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	NDS32		0x00300000	0x00300000
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	Nios II		0x02000000	0x02000000
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   For example, the "hello world" application may be loaded and
   executed on a PowerPC board with the following commands:

   => tftp 0x40000 hello_world.bin
   => go 0x40004
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5. To export some additional function long foobar(int i,char c), the following steps
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   should be undertaken:
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   - Append the following line at the end of the include/_exports.h
     file:
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	EXPORT_FUNC(foobar, long, foobar, int, char)

	Parameters to EXPORT_FUNC:
	 - the first parameter is the function that is exported (default implementation)
	 - the second parameter is the return value type
	 - the third  parameter is the name of the member in struct jt_funcs
	   this is also the name that the standalone application will used.
	   the rest of the parameters are the function arguments
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   - Add the prototype for this function to the include/exports.h
     file:
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	long foobar(int i, char c);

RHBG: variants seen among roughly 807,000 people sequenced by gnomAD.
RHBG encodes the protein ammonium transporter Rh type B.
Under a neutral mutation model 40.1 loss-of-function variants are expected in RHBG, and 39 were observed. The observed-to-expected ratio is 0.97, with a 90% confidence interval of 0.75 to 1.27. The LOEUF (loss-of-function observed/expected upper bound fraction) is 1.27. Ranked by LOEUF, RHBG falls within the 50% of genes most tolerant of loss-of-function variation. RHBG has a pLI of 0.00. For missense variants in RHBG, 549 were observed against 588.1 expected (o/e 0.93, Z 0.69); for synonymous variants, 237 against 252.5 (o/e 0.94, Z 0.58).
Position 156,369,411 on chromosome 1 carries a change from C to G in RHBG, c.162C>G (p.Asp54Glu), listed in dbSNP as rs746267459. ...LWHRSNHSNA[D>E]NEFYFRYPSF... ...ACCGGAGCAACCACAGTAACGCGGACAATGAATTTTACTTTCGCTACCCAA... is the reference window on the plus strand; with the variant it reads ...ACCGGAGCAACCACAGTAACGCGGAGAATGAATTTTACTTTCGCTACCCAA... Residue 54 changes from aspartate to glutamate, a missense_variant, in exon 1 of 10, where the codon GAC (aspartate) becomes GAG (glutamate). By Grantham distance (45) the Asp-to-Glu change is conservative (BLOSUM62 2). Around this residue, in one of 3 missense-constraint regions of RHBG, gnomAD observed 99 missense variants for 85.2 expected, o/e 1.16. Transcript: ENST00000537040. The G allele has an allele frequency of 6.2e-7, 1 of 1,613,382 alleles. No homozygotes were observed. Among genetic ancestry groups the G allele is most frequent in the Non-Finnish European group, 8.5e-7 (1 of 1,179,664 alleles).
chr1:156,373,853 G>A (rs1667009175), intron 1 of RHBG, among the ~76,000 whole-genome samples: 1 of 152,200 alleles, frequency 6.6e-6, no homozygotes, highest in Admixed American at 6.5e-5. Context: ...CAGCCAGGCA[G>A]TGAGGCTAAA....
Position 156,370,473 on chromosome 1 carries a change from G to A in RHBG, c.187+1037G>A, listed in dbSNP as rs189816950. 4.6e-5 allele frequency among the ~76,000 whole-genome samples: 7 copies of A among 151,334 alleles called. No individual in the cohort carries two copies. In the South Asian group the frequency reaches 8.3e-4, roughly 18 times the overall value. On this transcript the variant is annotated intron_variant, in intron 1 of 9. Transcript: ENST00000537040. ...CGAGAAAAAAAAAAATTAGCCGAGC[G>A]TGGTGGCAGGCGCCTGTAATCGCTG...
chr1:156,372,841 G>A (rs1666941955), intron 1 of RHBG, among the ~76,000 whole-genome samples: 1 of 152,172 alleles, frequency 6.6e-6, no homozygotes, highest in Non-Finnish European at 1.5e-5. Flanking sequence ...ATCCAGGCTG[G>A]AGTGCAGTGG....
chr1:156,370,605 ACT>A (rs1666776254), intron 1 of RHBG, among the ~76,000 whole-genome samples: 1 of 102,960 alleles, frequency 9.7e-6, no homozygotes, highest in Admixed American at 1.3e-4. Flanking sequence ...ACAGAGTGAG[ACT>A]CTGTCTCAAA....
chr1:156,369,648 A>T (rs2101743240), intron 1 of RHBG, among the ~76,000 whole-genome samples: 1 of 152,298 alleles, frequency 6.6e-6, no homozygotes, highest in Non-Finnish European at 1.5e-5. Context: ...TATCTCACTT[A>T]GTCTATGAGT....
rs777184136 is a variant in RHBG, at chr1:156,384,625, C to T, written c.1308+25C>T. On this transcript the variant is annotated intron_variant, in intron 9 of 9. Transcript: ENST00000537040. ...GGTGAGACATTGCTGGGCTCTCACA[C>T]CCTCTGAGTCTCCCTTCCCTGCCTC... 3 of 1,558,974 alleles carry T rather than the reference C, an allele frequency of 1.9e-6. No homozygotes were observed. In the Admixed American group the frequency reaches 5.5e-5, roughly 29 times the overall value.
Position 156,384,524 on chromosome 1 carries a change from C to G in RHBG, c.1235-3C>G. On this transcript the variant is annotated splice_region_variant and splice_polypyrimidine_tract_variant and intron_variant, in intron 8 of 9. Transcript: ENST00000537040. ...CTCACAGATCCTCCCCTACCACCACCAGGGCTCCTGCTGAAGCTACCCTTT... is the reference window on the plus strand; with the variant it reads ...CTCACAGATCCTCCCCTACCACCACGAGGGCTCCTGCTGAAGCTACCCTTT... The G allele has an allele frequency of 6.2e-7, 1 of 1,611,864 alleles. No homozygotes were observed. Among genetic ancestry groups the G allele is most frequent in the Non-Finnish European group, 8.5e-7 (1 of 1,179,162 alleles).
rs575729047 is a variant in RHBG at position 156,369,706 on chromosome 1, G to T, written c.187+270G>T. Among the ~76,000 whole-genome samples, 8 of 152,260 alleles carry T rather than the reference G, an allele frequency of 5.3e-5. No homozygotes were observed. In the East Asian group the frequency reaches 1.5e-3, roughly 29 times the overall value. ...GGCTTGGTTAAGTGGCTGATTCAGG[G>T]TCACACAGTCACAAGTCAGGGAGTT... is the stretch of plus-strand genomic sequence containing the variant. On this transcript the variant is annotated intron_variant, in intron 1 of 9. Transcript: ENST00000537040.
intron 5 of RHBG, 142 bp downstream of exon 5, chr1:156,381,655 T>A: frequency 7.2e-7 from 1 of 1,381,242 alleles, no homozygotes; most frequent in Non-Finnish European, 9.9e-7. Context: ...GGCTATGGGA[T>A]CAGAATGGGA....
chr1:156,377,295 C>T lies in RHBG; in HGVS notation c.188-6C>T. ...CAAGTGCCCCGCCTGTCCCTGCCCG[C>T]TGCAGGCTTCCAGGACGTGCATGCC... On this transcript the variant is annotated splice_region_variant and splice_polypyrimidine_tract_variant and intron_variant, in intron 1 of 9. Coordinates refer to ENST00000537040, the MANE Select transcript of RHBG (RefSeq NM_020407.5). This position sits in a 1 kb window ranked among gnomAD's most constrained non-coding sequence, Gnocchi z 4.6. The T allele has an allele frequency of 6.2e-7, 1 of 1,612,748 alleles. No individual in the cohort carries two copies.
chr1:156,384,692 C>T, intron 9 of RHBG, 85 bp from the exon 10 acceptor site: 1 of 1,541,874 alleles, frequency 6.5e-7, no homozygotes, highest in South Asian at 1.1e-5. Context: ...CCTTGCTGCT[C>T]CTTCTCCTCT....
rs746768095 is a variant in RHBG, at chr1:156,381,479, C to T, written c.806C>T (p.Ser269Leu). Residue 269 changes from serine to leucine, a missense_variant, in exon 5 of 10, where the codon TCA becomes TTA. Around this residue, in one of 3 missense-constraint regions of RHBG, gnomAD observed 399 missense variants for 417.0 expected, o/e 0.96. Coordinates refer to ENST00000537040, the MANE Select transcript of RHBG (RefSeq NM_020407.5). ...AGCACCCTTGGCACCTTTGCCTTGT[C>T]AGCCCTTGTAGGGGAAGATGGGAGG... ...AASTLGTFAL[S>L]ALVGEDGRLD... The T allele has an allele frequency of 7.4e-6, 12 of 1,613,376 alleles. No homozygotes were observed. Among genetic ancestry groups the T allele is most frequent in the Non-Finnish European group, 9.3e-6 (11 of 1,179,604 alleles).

Initialization with the default implementation is done in jumptable_init()

	You can override the default implementation using:
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	gd->jt->foobar = another_foobar;
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	The signature of another_foobar must then match the declaration of foobar.
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   - Increase the XF_VERSION value by one in the include/exports.h
     file
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   - If you want to export a function which depends on a CONFIG_XXX
	use 2 lines like this:
	#ifdef CONFIG_FOOBAR
		EXPORT_FUNC(foobar, long, foobar, int, char)
	#else
		EXPORT_FUNC(dummy, void, foobar, void)
	#endif


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6. The code for exporting the U-Boot functions to applications is
   mostly machine-independent. The only places written in assembly
   language are stub functions that perform the jump through the jump
   table. That said, to port this code to a new architecture, the
   only thing to be provided is the code in the examples/stubs.c
   file. If this architecture, however, uses some uncommon method of
   passing the 'global_data' pointer (like x86 does), one should add
   the respective code to the app_startup() function in that file.
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   Note that these functions may only use call-clobbered registers;
   those registers that are used to pass the function's arguments,
   the stack contents and the return address should be left intact.